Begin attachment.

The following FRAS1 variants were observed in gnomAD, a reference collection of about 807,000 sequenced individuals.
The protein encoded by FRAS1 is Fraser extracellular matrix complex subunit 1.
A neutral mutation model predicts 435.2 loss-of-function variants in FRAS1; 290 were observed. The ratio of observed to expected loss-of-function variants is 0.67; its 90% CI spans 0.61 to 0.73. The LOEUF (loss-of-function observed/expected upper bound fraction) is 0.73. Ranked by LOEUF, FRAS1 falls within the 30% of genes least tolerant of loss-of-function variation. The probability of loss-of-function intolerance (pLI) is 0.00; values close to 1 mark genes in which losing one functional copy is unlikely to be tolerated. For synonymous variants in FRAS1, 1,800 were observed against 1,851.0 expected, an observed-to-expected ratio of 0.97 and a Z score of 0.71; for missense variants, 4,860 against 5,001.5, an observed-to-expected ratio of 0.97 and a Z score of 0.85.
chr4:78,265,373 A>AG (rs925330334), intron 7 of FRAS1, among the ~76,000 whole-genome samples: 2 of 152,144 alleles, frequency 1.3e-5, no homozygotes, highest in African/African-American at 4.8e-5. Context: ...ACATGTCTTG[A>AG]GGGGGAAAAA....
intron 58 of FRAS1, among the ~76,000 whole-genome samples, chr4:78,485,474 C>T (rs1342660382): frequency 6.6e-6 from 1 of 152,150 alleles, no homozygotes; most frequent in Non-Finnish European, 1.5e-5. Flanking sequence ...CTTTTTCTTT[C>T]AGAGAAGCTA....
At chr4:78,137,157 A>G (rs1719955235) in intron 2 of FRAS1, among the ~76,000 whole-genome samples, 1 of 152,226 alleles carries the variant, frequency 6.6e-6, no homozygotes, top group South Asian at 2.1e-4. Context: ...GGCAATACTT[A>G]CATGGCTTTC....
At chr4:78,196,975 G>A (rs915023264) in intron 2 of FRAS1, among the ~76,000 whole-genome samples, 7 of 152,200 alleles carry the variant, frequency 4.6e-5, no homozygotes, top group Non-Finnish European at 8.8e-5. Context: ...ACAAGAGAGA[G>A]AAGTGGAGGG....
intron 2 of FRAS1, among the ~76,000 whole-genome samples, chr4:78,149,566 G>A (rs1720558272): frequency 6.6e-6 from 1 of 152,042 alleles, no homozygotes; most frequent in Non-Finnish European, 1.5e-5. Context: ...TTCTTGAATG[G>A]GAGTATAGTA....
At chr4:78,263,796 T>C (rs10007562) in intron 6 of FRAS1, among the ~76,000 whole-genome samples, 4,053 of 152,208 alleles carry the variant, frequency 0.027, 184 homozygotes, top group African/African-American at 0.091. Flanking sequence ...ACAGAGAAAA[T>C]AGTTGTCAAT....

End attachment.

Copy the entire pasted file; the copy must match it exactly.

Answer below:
The following FRAS1 variants were observed in gnomAD, a reference collection of about 807,000 sequenced individuals.
The protein encoded by FRAS1 is Fraser extracellular matrix complex subunit 1.
A neutral mutation model predicts 435.2 loss-of-function variants in FRAS1; 290 were observed. The ratio of observed to expected loss-of-function variants is 0.67; its 90% CI spans 0.61 to 0.73. The LOEUF (loss-of-function observed/expected upper bound fraction) is 0.73. Ranked by LOEUF, FRAS1 falls within the 30% of genes least tolerant of loss-of-function variation. The probability of loss-of-function intolerance (pLI) is 0.00; values close to 1 mark genes in which losing one functional copy is unlikely to be tolerated. For synonymous variants in FRAS1, 1,800 were observed against 1,851.0 expected, an observed-to-expected ratio of 0.97 and a Z score of 0.71; for missense variants, 4,860 against 5,001.5, an observed-to-expected ratio of 0.97 and a Z score of 0.85.
chr4:78,265,373 A>AG (rs925330334), intron 7 of FRAS1, among the ~76,000 whole-genome samples: 2 of 152,144 alleles, frequency 1.3e-5, no homozygotes, highest in African/African-American at 4.8e-5. Context: ...ACATGTCTTG[A>AG]GGGGGAAAAA....
intron 58 of FRAS1, among the ~76,000 whole-genome samples, chr4:78,485,474 C>T (rs1342660382): frequency 6.6e-6 from 1 of 152,150 alleles, no homozygotes; most frequent in Non-Finnish European, 1.5e-5. Flanking sequence ...CTTTTTCTTT[C>T]AGAGAAGCTA....
At chr4:78,137,157 A>G (rs1719955235) in intron 2 of FRAS1, among the ~76,000 whole-genome samples, 1 of 152,226 alleles carries the variant, frequency 6.6e-6, no homozygotes, top group South Asian at 2.1e-4. Context: ...GGCAATACTT[A>G]CATGGCTTTC....
At chr4:78,196,975 G>A (rs915023264) in intron 2 of FRAS1, among the ~76,000 whole-genome samples, 7 of 152,200 alleles carry the variant, frequency 4.6e-5, no homozygotes, top group Non-Finnish European at 8.8e-5. Context: ...ACAAGAGAGA[G>A]AAGTGGAGGG....
intron 2 of FRAS1, among the ~76,000 whole-genome samples, chr4:78,149,566 G>A (rs1720558272): frequency 6.6e-6 from 1 of 152,042 alleles, no homozygotes; most frequent in Non-Finnish European, 1.5e-5. Context: ...TTCTTGAATG[G>A]GAGTATAGTA....
At chr4:78,263,796 T>C (rs10007562) in intron 6 of FRAS1, among the ~76,000 whole-genome samples, 4,053 of 152,208 alleles carry the variant, frequency 0.027, 184 homozygotes, top group African/African-American at 0.091. Flanking sequence ...ACAGAGAAAA[T>C]AGTTGTCAAT....